Commercial whaling in New Zealand came about from the depletion of certain species in the North Atlantic, through uncontrolled slaughter. From the detailed reports of Captain James Cook about the abundant resource of whales in New Zealand waters, saw the arrival of the first commercial whaling ships in 1792. The major powers of the northern hemisphere were turning to the relatively untouched South Pacific for their whaling needs.
The whales passed New Zealand on their migration from the Antarctic to the Pacific. With their arrival on the West Coast of New Zealand in early May they headed past Kapiti Island and the mainland, to pass through Cook Strait for Picton and Kaikoura to Cloudy Bay. During June the whales continue south towards Foveaux Strait, where they turned northeast heading for the Chatham Islands and the Pacific during the month of May.
Whaling was conducted in two ways, ocean (pelagic) and shore whaling. The first whaling to be introduced was ocean whaling, beginning in the 1790s and the species targeted were the Sperm and Humpback whales. Shore whaling involved mainly the Southern Right whale, and was centred around the east coast of both main islands.
Whaling had far reaching effects on New Zealand with intensive interaction between Maori and European. These ocean-going vessels needed ports near the whaling grounds to service the ships. The ships at first were British, but grew to include American, French, Dutch, Portuguese, Danish, and German.
Returning to shore to stock up for food, water and timber, the crews were looking for alcohol and women. One of these shore stops was the settlement of Kororareka in the Bay Of Islands. The 1830s, this port would have 30 ships in harbour, with 1000 men aboard ship and 300 of these men would be ashore looking for entertainment. Hotels provided alcohol and entertainment and through this start of New Zealand’s sex industry. Women were offered as prostitutes by Maori they were usually of low caste and provided by the chiefs. Maori also grew vegetables and raised pigs for sale and barter to the Europeans.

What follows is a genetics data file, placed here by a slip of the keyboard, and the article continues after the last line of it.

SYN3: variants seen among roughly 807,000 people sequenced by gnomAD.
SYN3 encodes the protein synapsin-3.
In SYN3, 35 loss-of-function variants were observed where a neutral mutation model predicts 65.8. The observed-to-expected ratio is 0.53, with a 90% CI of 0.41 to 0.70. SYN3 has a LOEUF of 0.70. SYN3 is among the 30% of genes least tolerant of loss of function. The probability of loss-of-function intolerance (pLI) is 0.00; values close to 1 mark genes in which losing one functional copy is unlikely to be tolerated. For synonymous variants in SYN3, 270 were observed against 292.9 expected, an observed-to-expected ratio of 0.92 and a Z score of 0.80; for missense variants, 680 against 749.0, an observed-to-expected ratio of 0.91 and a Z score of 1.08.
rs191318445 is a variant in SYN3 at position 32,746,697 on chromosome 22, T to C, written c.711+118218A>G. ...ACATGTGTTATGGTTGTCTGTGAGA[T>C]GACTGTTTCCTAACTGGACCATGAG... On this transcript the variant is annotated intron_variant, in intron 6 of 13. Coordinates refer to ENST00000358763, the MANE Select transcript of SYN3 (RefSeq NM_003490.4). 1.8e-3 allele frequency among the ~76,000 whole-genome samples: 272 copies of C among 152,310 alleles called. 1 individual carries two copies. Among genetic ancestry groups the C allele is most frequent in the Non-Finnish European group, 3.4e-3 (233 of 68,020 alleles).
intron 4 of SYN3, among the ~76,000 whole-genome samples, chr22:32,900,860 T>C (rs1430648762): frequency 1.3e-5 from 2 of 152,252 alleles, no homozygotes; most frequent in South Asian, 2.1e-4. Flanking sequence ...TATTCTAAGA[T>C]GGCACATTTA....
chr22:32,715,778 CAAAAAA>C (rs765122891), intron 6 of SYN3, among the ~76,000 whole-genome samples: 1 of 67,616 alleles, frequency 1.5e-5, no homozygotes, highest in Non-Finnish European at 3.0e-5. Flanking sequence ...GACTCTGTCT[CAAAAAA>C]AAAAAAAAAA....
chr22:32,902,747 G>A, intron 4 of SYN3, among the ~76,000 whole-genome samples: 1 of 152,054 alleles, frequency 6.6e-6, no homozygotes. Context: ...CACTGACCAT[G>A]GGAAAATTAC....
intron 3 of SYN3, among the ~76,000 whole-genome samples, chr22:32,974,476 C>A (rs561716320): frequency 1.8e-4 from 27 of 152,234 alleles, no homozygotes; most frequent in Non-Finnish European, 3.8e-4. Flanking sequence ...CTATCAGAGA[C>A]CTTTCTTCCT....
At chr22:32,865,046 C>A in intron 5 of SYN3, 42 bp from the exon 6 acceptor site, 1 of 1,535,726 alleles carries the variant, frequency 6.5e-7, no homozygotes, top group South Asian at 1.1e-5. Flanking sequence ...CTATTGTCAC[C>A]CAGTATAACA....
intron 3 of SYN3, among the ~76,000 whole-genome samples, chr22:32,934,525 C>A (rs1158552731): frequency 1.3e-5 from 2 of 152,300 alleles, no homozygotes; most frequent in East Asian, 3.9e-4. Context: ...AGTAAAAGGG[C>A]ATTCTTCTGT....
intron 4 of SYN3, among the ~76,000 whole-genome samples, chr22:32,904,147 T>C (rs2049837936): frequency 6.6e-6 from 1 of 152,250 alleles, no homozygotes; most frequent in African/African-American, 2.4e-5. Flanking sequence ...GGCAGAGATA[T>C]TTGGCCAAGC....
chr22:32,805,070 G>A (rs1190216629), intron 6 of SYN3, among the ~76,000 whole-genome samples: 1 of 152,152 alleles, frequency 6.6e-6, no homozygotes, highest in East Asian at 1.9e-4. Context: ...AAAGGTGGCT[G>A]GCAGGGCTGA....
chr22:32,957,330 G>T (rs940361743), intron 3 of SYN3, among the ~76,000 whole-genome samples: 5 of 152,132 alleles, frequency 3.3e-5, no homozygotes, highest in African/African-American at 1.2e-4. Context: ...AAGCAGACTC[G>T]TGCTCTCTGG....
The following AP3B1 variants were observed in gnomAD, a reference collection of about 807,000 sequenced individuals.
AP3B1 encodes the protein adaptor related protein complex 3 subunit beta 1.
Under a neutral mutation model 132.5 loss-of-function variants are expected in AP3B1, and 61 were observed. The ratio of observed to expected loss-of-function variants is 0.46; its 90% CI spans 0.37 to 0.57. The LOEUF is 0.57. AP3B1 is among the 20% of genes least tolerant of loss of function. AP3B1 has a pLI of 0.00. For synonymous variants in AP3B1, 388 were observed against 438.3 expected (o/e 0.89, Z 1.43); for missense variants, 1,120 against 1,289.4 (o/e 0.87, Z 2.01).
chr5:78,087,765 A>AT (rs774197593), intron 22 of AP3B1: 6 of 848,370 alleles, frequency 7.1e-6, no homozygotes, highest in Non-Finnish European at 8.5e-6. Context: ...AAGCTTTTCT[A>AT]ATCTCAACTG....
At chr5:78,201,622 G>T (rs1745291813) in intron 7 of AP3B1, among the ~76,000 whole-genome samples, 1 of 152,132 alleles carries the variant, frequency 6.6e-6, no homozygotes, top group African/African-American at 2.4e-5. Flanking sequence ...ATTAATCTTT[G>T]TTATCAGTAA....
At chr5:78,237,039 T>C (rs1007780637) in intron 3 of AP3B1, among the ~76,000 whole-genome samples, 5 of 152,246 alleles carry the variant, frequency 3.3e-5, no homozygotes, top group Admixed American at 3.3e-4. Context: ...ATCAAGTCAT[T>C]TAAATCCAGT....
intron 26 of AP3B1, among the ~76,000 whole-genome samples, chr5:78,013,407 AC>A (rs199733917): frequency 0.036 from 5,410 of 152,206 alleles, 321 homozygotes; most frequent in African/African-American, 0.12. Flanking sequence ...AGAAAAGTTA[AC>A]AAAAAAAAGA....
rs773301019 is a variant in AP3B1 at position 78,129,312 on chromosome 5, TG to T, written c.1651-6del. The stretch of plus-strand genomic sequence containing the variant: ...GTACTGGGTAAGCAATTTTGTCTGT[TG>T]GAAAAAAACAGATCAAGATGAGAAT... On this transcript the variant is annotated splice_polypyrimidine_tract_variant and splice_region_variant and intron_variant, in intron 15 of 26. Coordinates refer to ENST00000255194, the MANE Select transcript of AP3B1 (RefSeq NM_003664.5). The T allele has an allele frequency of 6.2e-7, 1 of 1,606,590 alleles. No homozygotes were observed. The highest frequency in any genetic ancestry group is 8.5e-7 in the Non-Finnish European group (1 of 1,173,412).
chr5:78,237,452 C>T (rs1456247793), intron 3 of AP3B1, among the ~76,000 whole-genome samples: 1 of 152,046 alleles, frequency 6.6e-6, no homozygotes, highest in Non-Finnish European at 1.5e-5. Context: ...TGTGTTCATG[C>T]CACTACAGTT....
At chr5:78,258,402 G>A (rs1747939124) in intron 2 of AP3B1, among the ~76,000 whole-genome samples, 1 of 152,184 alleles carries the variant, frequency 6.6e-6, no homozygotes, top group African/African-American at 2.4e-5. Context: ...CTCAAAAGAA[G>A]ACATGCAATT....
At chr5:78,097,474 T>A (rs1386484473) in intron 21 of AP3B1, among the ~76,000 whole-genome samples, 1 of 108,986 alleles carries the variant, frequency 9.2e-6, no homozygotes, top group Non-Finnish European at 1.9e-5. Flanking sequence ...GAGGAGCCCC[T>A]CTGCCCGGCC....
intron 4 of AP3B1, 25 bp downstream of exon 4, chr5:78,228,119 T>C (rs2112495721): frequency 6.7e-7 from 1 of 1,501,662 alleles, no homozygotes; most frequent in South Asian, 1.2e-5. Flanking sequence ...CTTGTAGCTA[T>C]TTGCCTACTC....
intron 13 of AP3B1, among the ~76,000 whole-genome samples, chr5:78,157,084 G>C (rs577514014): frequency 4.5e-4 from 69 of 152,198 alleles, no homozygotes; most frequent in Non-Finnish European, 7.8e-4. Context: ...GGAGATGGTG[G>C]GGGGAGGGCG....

Māori men also worked on board whaling earning money and visiting foreign countries. As crewmen they were valued for their seamanship, physical strength and were well thought of. Māori often worked together, working their way up the ranks to achieve positions of harpooners and even as officers. Through 1820s to 1840s hundreds of Māori men were serving on whaling ships in the Pacific and they became a common sight in Sydney.
The transplanting of Christianity began with nineteenth century missionary activity. Christianity was brought to New Zealand from the convict settlement of Sydney.
Māori had always been a highly spiritual people believing in the spiritual powers in nature. Religious practices and worship were an important part of their lives. Religious experience and outlook of Māori was there long before the first Christian missionaries arrived in New Zealand. Through Māori cosmology it made Māori more aware to accept the belief in one god.
The first Christian missionary to New Zealand was Samuel Marsden in 1814 on behalf of the Church of England’s Church Missionary Society (CMS). Marsden was a Yorkshire man who was both a Chaplin and magistrate to the New South Wales penal settlement. He was known as the ‘Flogging Parson’ in his dealing with convicts, and having them flogged as punishments for their indiscretions.